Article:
Julie Peasgood reports from Saga Sapphire in Anzac Cove as tribute is paid to the thousands who lost their lives in the Gallipoli campaign 100 years ago.
As the early morning darkness envelops the once bloodied battlefields of Gallipoli, the only sound is the gentle lapping of waves.
Then the uniquely Antipodean hum of a single didgeridoo, heralding the beginning of the centenary commemoration for thousands of allied troops who lost their lives on the shores of the Dardanelles.
It is 4.30am and our ship, Saga Sapphire, is bordering Anzac Cove, where Australians and New Zealanders – alongside their British counterparts – have arrived in unprecedented numbers to pay homage to their courageous ancestors, many of whom never lived beyond their teens.
On 25 April 1915, at precisely this time, the first troops landed and the ANZAC (Australia and New Zealand Army Corps) legend was born.
“That was the day our nation came alive,” says 81 year-old Bruce Atherton, a long time serving warrant officer in the Australian army, proudly displaying his own array of hard-won medals. “Gallipoli was the first major conflict in which we fought, and it forged our national identity.”
Passengers gather on deck to remember the sacrifice of 46,000 Commonwealth soldiers who perished here.
The emotion is palpable as a roll call of the men who died is played out, together with messages from loved ones.
“Sleep on, dear son, and take thy rest, they miss you most who loved you best.” And, quite simply: “Our Sid.”
Heads of state from around the world have come together for this momentous event. Australian Prime Minister, Tony Abbot, speaks of ordinary men doing extraordinary things.
“In volunteering to serve they became the founding heroes of modern Australia.”
John Key, Prime Minister of New Zealand, salutes the bravery of both the allied troops and the Ottoman Turkish soldiers. “Both sides were doing what they believed was right and what they believed was necessary.”
“Gallipoli symbolizes too the pity of war, because while this was a place of courage and heroism and duty, it was also a place of fear and waste and loss. It was a place of unspeakable suffering on both sides of the fighting.”
“The generosity of Turkey in welcoming us back year after year means that Gallipoli also symbolizes the healing power of time, forgiveness and diplomacy.”
Dawn light filters through a cobalt sky as Prince Charles, accompanied today by his son Prince Harry, delivers a moving reading of one soldier’s last letter to his beloved wife. It is written with a devastating simplicity that reduces both men and women around us to silent tears.
Wreaths are laid to the strains of a single bagpipe. We all stand for the final blessing, including the new generations of Australians and New Zealanders who have travelled here to honour the fallen. The ceremony concludes with the singing of the Turkish, Australian and New Zealand National Anthems.
One voice in our midst rises above all the rest in its purity, as Dame Kiri Te Kanawa joins her compatriots in singing their country’s national song. Like all of us she is here to commemorate one of the most significant days in history.
The traditional drink of rum and milk is served on Saga Sapphire at the close of the ceremony, served with ANZAC biscuits, and passengers begin to speak of their own reasons for being here.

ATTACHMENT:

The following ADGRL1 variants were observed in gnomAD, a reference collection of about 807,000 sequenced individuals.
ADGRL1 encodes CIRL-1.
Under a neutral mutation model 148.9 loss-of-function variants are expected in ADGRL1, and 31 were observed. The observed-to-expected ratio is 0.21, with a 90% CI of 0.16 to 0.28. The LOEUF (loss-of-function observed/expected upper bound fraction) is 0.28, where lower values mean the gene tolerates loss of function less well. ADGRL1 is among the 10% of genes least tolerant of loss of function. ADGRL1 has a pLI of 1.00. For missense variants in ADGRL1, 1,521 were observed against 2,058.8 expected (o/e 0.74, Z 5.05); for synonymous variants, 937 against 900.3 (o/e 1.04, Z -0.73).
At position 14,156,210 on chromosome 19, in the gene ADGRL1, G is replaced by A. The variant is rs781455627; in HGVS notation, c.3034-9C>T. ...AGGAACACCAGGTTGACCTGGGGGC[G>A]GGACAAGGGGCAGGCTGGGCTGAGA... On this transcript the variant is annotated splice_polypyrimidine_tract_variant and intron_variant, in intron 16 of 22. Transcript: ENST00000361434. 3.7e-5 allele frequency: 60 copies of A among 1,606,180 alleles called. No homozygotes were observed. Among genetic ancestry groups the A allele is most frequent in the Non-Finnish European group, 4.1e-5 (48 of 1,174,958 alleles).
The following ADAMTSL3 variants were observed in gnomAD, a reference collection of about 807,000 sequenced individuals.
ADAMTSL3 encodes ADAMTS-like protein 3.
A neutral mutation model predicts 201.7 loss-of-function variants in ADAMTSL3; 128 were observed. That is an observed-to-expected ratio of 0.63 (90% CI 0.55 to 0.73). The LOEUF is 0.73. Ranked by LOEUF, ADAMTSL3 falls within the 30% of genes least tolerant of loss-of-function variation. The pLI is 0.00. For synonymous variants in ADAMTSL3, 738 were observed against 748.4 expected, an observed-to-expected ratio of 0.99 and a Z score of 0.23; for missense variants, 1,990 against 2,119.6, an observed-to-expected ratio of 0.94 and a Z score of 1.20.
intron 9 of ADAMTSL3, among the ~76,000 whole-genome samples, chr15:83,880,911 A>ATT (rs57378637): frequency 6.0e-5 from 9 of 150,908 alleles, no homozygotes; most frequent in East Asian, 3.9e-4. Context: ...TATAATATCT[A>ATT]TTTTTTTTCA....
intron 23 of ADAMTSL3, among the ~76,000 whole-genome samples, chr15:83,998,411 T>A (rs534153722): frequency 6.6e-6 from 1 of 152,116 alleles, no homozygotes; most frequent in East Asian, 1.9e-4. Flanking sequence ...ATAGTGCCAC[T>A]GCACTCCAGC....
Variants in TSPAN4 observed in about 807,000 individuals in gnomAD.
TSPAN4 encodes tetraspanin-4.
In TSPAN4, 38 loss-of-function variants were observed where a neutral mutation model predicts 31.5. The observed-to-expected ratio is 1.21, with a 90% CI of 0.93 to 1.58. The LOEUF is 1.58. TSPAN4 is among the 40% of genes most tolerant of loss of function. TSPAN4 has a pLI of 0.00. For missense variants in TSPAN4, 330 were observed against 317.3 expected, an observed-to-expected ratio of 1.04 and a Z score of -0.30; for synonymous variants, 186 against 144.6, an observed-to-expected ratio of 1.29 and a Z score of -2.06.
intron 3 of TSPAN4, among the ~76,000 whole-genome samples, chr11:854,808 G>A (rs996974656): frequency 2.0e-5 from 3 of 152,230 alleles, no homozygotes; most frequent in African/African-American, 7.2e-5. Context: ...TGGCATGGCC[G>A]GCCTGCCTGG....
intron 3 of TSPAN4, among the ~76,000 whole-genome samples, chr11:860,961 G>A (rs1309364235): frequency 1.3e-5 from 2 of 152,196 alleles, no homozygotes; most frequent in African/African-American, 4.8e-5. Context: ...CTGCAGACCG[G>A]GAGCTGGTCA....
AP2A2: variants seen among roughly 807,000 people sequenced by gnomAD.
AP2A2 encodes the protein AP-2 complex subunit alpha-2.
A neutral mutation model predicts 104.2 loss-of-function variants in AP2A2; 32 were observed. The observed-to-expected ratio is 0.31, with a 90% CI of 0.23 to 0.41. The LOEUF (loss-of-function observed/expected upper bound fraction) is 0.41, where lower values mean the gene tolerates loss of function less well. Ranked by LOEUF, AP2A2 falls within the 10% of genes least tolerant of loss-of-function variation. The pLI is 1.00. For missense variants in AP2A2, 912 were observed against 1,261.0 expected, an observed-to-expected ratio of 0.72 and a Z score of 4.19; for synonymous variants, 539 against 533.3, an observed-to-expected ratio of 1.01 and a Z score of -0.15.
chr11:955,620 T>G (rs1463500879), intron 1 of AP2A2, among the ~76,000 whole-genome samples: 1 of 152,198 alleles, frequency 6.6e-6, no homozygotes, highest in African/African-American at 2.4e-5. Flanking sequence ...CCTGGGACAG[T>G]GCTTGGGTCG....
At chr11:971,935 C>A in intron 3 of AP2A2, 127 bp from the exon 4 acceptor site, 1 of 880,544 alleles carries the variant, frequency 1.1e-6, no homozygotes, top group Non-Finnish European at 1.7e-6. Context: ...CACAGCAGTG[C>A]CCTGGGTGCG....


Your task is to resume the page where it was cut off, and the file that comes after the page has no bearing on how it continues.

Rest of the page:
“This is my father’s dog tag,” says Graham Douglas Moore, who has travelled from Australia with his wife, Alexandra. They are here to honour the bravery of Graham’s dad who fought in the 25th Battalion C Company. “My father survived the campaign – that’s why I wear his identification tag as my lucky charm – but so many thousands didn’t make it.”
“Too many mistakes were made,” says Andi Von Zeppelin of Australian based Zeppelin Travel, who has brought 71 passengers all making their pilgrimage to these shores. “On the morning of the landings, one hundred years ago to the day, several boats which were destined for different beaches were rammed together by strong currents and heavy mist, causing huge numbers of casualties. Those that did make it onto the narrow beaches were gunned down by the Turks as they tried to scale the cliffs. The whole bay was red with blood.”
Terry O’Connor agrees. As Chairman of the Royal British Legion in his village of Liss in Hampshire, he is here to represent the five villagers who were killed at Gallipoli, ranging in ages from 16 to 38. “Two thirds of soldiers who died here have no known graves – they were either lost at sea or their bodies were not identified.”
Terry has come to lay a wreath at the Helles Memorial, in a service conducted by Canon Richard Hanmer, who also leads the special service on board Saga Sapphire. It is poignant and respectful in honouring the vast numbers who gave their lives for others. “It is important to remember this war was not in vain” adds Terry. “Although the campaign was a failure, the men went with a glad heart because they felt they were doing right.”
The Turkish representative at today’s memorial spoke some of the following words from the Kemal Atatürk Memorial on Anzac Parade in Canberra.
If anything positive can come from the devastation of this war it is expressed in the words of the Turkish leader, the man who became known as Atatürk: “Those heroes that shed their blood and lost their lives…you are now lying in the soil of a friendly country. Therefore rest in peace. There is no difference between the Johnnies and the Mehmets to us, where they lie side by side here in this country of ours…You the mothers who sent their sons from far away countries wipe away your tears. Your sons are now lying in our bosom and are at peace. After having lost their lives on this land they have become our sons as well.”
Additional reporting by Karen Attenborough
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